These two ways of looking at social relations suggest that ethnographic perspectives work like elevators shuttling up and down a social hierarchy. Yet when non-human agents are ethnographic subjects, studying up or down doesn’t easily fit our research. This elevator model can’t get multispecies ethnographers to where we need to go.

Multispecies ethnography forces us to step outside of an elevator model of ethnography and figure out our positions as researchers in what Eduardo Kohn calls the “Open Whole” (Kirksey and Helmreich 2010; Kohn 2013; Tsing 2005). Contrary to critics of the ontological turn, talking about “open wholes” is not to ignore imposed hierarchies, whether caused by colonialism, capitalism, patriarchy, the Enlightenment, or a combination of these and beyond (Bessire and Bond 2014). We are not space cadets trying to abandon earthly gravitational pull for an outer space where nothing anchors us. Rather, we need to be attuned to multiple hierarchies and open to surprises (Raffles 2010).[iii]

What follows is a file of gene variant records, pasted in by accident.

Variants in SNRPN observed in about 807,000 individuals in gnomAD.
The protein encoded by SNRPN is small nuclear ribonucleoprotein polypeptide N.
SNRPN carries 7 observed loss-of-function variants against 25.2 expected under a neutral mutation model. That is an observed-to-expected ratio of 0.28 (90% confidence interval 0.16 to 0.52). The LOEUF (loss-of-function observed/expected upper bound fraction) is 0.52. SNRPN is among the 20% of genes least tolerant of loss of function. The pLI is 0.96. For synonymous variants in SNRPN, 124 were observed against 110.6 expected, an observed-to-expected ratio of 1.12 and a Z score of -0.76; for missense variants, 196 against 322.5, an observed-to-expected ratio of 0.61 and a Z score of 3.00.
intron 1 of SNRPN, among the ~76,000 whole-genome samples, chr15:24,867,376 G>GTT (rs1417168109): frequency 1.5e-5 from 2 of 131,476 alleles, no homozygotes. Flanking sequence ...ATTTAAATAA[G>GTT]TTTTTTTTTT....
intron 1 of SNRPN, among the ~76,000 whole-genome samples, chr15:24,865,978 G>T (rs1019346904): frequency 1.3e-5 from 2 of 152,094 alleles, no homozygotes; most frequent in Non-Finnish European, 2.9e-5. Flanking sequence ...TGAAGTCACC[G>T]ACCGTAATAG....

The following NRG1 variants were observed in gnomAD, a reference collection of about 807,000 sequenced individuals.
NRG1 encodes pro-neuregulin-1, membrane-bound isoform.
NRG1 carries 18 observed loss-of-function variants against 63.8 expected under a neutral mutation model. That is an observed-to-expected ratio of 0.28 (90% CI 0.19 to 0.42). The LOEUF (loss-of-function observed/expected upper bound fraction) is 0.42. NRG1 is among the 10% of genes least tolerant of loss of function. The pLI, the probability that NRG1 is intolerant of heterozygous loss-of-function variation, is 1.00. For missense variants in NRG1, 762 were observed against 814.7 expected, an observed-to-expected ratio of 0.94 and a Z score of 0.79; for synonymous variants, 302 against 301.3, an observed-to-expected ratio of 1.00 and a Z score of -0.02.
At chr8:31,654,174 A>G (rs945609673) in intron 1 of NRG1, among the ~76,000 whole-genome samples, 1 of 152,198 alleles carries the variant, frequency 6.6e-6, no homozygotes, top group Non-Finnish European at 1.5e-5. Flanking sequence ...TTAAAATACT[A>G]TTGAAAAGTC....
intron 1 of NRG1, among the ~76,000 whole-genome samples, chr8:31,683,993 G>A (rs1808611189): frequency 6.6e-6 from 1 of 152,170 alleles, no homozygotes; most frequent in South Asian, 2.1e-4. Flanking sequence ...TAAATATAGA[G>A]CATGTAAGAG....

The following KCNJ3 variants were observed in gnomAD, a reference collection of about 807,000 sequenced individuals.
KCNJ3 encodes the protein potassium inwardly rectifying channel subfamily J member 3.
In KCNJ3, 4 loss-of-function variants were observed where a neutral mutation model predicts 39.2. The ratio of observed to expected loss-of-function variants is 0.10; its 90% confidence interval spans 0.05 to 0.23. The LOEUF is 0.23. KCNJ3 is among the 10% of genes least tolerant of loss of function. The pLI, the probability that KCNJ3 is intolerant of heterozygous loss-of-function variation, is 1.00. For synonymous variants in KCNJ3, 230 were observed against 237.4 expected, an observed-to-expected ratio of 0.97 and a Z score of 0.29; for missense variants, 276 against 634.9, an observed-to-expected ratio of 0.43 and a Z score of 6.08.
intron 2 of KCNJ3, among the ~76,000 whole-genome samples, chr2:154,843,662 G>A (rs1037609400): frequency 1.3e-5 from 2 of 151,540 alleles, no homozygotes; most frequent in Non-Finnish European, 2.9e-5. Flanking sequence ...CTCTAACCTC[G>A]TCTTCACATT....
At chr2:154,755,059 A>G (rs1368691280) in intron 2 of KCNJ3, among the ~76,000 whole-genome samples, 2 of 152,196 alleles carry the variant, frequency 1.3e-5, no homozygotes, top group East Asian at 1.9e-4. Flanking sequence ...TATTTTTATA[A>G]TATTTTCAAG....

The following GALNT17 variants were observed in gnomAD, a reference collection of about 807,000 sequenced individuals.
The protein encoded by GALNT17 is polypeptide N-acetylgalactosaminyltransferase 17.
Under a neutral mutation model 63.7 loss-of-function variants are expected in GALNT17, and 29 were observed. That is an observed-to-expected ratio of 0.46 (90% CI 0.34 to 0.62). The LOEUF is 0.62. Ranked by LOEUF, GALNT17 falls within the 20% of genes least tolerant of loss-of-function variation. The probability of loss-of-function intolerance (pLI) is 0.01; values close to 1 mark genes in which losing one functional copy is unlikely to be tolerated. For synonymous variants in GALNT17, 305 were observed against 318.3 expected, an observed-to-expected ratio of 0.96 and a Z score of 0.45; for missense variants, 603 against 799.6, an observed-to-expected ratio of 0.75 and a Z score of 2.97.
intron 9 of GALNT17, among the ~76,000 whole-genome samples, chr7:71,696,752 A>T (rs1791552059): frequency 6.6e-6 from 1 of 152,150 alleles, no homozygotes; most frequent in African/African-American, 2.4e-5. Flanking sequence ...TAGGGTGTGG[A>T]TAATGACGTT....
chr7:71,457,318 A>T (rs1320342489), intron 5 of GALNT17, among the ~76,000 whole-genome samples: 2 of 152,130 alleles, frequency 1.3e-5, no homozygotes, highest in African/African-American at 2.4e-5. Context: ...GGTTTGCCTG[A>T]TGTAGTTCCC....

A large poster graphically warns visitors of the danger of orangutan bites. Photo by Juno Parrenas.
A large poster graphically warns visitors of the danger of orangutan bites. Photo by Juno Parrenas.